#AZ House Passes Texting while Driving Ban (video)

Today was a red letter day for the state of Arizona. The Arizona House debated — at length— three competing bills on distracted driving and texting while driving.

The Democrats backed the clean texting while driving bill proposed by Rep. Noel Campbell. He worked with Rep. Cesar Chavez (who had had a texting bill that died in committee) to bring this bipartisan bill forward. Many family members, who lost loved ones to texting while driving, were in the gallery for this historic day.

The Democrats voted “no” on two of the three bills. The Mesnard bill was way too broad and included lots of different activities that could be construed as distracted driving. The Democrats were concerned that this would impinge upon peoples’ civil rights and lead to racial profiling. (Because of our principled stance, the Republicans dubbed us the “Perfection Caucus.” Aren’t they the Perfection Caucus since ~90% or more of the bills that make it through the process are their bills, even three are 48% of the House?)

The Brophy McGee bill was amended with language to make texting while driving a secondary offense, and the Democrats voted “no” because of that amendment. All of the cities that have texting while driving bans categorize texting as a primary offense. So, the amendment to make it a secondary offense would have been preemption.

Bother the Mesnard and Campbell bills passed and were sent to the governor.

This will save lives.

Balanced Public Health Policy Should Be Legislature’s Goal (video)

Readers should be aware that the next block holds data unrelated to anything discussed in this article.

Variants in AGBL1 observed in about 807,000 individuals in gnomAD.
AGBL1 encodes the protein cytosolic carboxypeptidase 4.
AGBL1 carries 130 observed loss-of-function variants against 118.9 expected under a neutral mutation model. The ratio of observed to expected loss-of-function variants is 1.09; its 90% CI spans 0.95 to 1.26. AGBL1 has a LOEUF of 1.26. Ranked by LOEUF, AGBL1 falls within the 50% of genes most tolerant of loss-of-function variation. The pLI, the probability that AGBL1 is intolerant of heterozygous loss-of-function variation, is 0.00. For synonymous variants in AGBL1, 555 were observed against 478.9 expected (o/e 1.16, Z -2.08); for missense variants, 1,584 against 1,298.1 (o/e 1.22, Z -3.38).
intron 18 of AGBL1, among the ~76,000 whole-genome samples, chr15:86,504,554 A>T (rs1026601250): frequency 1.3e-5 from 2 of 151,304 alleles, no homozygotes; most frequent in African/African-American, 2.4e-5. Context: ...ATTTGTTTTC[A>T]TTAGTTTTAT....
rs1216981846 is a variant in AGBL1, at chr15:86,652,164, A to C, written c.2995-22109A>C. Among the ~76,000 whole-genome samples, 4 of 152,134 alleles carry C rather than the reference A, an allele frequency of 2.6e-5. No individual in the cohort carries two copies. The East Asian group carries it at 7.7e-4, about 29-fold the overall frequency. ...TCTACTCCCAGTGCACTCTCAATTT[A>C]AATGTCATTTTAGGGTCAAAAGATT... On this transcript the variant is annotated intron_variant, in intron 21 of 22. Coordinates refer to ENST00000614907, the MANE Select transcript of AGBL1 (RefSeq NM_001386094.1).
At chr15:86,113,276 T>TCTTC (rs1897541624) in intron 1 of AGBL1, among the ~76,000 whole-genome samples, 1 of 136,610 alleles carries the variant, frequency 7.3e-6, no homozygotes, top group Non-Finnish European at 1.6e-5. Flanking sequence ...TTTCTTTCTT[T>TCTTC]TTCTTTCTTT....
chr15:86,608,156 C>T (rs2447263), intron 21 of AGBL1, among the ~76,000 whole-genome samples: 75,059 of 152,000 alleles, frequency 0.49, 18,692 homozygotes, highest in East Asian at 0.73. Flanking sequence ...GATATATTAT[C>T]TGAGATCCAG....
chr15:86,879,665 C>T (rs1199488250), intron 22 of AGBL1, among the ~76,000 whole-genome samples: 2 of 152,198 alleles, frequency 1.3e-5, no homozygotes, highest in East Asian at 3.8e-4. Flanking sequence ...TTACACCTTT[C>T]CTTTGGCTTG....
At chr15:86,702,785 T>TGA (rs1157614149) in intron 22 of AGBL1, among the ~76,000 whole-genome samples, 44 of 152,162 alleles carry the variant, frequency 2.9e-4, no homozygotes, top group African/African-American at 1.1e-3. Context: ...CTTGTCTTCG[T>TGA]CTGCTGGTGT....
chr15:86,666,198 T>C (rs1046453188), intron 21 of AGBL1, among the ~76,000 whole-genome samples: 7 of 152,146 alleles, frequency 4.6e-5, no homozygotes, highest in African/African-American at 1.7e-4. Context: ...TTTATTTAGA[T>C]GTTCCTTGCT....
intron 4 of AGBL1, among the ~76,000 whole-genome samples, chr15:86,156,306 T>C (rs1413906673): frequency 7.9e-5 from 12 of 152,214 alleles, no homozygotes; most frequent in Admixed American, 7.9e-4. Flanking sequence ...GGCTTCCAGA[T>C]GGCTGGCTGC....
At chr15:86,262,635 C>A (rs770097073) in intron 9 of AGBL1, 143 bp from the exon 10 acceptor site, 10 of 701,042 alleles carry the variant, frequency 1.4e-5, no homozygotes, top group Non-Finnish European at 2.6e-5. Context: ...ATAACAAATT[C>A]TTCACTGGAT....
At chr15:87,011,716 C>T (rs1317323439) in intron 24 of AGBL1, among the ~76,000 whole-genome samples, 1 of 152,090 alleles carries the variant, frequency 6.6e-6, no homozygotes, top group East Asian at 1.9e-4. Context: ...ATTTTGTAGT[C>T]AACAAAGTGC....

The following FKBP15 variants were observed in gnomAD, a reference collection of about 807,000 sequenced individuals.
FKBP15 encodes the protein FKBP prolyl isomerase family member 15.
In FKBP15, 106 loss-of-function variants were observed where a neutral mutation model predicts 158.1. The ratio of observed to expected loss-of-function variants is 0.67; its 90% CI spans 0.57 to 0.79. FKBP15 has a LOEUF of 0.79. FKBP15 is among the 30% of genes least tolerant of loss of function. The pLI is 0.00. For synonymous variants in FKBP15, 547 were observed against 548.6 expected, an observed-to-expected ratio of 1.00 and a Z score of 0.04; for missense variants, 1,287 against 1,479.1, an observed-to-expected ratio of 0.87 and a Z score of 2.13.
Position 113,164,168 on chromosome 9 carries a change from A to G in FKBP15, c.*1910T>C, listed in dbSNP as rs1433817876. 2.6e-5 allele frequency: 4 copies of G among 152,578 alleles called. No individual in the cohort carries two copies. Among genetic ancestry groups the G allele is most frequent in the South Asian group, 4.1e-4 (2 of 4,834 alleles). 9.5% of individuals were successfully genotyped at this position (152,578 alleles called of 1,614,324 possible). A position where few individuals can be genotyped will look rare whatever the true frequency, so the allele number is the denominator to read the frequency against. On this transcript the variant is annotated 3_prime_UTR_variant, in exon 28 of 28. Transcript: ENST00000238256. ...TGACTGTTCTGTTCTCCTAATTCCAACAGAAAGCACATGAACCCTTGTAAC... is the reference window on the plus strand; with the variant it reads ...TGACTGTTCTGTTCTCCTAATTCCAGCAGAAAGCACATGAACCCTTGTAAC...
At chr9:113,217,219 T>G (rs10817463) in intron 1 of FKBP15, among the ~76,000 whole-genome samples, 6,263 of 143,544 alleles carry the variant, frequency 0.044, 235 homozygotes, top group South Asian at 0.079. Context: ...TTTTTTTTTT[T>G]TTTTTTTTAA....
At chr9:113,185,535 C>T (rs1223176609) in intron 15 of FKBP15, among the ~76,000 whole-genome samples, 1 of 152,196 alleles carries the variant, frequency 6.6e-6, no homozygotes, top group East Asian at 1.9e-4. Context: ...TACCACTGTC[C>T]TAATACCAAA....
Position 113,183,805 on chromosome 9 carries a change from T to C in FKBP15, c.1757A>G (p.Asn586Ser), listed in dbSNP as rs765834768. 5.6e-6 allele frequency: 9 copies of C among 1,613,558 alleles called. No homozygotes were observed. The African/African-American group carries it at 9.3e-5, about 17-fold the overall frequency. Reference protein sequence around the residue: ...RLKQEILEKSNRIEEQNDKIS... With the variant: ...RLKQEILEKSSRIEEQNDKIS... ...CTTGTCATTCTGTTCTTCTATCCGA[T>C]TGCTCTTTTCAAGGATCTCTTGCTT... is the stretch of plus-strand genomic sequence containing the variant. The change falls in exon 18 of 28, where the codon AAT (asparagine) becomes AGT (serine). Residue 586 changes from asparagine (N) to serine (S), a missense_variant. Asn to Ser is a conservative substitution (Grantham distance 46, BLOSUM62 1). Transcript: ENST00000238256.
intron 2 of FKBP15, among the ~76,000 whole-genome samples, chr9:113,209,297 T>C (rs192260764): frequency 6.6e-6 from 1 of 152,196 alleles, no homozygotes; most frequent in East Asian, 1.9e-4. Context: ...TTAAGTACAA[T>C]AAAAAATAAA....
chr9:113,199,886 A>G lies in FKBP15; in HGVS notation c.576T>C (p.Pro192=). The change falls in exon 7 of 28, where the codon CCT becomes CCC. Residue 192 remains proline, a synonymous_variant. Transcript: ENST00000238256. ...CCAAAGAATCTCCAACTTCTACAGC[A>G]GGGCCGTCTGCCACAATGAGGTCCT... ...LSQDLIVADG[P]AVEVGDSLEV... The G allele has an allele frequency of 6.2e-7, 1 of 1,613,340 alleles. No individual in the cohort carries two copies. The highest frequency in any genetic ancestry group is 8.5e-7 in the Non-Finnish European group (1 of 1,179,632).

Arizona Opioid Epidemic Act

This is the transcript of my opening remarks at the Arizona Public Health Association Conference on Oct. 3, 2018. A video of the speech is below.

It is an honor for me to address the Arizona Public Health Association, since I have a Masters in Public Health from the University of Arizona. I worked in health communication, medicine, public health and behavioral research for many years before deciding to run for the Arizona House in 2015.

In fact, it was my background in public health that prompted me to run for office. Many times since I moved to Arizona in 1981, I have found myself shouting at the radio or the TV or the newspaper or a social post about bad policy decisions made by the Arizona Legislature. Anybody else have that experience?

In the public health arena, the Legislature far too often makes short-term decisions to save a buck or make an ideological point, but in the long-term, these decisions cost money and lives. Do you remember Governor Jan Brewer’s Death Panels? Brewer knocked more than 250,000 adults off of Medicaid—including people on transplant waiting lists. That decision made national news as transplant patients began dying.

Another example of a short-term savings that caused long-term problems is the $80 million cut in childcare subsidies and preventive services for families in need. That recession-era funding sweep played a major role in Arizona’s foster care crisis. At its peak, nearly 19,000 Arizona children were in foster care. Most of those children were removed from their homes for “neglect”. Unfortunately, in Arizona, neglect is a catch-all term which could encompass anything from lack of reliable child care to drug abuse to domestic violence.

None of that $80 million in state funding for childcare has been restored. Why not? Because, of course, we have to cut taxes every year—regardless of the needs of the people.

Continue reading Balanced Public Health Policy Should Be Legislature’s Goal (video)